At 3.05 pm this afternoon it is New Moon.
At 10.14 an Iridium flare in the North North West at an altitude of 15° in the constellation of Perseus. ISS appears at 10.34 pm West horizon. Culmination at 10.38 pm in the South West at only 11°. ISS disappears at 10.40 pm in the South. Another flare at 10.47 pm in West North West at an altitude of 19° in the constellation of Cancer.
Wednesday 17 June
Total in 1433: In Scotland known as the "Black Hour". Although covering all of Scotland, this eclipse went well into northeast England down to north Yorkshire. Even though the eclipse was nearly four and a half minutes on the centre line (the 6th longest British total eclipse in the period 1 - 3000AD), it must have still been over three minutes in Yorkshire. Some references do mention “Black Hour”, some others “Black Friday”.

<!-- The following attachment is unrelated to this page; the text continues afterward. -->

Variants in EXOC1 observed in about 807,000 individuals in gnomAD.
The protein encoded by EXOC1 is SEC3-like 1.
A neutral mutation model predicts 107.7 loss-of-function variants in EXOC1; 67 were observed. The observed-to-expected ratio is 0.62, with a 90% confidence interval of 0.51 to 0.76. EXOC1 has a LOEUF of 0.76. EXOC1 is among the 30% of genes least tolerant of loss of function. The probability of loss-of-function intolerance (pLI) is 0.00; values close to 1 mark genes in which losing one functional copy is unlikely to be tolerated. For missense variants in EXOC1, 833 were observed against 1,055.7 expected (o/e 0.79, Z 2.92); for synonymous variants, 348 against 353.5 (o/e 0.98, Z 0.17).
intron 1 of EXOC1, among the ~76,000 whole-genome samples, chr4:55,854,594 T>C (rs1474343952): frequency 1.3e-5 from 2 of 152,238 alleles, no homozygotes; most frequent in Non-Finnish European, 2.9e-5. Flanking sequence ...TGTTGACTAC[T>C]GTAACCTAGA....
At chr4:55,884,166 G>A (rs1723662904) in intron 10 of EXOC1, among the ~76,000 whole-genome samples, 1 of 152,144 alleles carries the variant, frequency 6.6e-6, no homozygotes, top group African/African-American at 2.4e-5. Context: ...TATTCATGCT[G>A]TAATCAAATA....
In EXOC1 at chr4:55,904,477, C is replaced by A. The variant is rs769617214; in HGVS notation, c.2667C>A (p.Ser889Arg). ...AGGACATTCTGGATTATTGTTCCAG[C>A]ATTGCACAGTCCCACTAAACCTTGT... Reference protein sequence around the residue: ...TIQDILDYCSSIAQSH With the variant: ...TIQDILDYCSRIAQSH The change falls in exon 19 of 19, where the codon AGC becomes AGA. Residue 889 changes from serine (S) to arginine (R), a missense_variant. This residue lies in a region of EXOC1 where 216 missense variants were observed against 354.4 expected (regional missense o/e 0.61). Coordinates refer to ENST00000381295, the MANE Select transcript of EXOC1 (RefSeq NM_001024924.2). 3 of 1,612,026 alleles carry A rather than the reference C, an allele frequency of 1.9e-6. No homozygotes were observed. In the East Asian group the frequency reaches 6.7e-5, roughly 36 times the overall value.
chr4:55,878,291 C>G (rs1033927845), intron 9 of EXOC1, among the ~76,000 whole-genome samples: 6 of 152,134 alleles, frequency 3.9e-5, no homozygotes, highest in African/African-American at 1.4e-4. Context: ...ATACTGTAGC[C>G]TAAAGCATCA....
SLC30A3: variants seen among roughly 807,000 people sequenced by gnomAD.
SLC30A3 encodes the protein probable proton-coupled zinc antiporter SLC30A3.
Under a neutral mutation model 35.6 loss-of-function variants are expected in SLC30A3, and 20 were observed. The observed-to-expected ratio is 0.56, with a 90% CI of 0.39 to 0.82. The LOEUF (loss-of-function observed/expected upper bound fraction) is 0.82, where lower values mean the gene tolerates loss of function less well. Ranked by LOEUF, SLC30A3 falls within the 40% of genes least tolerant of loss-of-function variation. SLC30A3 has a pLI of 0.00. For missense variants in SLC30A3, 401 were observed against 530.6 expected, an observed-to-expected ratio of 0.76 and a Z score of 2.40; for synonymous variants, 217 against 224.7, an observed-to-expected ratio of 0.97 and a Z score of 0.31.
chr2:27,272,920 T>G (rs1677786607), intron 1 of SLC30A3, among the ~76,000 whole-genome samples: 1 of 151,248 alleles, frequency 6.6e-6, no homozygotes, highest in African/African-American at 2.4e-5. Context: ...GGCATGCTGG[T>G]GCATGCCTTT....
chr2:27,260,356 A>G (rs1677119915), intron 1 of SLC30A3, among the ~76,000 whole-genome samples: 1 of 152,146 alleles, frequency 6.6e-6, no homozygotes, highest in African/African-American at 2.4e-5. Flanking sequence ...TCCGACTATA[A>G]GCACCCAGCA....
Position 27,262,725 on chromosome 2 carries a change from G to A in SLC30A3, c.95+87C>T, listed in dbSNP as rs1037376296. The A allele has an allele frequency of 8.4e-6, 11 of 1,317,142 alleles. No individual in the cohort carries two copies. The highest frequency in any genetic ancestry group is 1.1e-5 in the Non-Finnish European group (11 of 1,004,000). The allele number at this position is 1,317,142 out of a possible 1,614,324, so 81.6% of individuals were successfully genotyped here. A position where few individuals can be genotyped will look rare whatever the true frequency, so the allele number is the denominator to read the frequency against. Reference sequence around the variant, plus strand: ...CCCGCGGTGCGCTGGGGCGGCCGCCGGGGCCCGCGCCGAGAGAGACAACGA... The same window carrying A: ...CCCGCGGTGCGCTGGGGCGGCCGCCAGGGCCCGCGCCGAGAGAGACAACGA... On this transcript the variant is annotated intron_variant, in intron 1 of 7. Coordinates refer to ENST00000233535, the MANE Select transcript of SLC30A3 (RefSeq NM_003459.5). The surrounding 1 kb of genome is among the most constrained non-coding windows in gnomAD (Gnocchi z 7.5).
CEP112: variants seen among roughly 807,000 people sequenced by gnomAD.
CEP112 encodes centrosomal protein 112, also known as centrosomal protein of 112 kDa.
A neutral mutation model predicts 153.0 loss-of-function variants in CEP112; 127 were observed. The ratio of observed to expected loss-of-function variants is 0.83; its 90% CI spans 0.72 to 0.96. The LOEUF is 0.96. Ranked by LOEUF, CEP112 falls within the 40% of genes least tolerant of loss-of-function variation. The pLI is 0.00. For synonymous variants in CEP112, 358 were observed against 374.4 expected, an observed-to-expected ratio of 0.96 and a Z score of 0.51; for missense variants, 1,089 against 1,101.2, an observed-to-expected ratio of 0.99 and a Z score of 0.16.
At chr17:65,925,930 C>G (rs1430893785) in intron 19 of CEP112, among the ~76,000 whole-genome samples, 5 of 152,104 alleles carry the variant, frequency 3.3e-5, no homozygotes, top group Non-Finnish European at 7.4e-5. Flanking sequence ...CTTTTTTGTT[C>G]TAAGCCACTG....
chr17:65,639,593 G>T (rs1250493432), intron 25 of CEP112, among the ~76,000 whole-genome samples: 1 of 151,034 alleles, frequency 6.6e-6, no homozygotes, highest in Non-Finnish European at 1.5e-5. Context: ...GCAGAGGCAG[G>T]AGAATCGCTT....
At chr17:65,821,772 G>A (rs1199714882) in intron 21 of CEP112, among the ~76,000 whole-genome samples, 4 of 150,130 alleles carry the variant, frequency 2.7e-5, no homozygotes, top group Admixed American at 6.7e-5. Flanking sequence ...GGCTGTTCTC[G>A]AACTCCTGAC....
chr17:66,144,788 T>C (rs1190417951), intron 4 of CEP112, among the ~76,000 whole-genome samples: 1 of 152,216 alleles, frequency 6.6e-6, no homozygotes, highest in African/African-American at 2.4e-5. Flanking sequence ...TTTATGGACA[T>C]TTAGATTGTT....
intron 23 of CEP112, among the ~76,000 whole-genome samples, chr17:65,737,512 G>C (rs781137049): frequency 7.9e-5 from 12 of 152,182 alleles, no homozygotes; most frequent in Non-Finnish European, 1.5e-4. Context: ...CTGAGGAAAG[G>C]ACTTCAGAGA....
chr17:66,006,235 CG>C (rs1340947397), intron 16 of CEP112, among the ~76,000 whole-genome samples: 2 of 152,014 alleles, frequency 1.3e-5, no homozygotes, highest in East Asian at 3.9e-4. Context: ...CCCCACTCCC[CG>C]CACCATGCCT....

A challenge: ISS pass when the Sun sets. Appears at 9.40 pm in the Western horizon (where the Sun sets!). Culmination at 9.45 pm South West at 16°. ISS disappears at 9.49 pm in the South South East. A flare appears at 10.50 pm in the West North West at an altitude of 16° in the constellation of Cancer.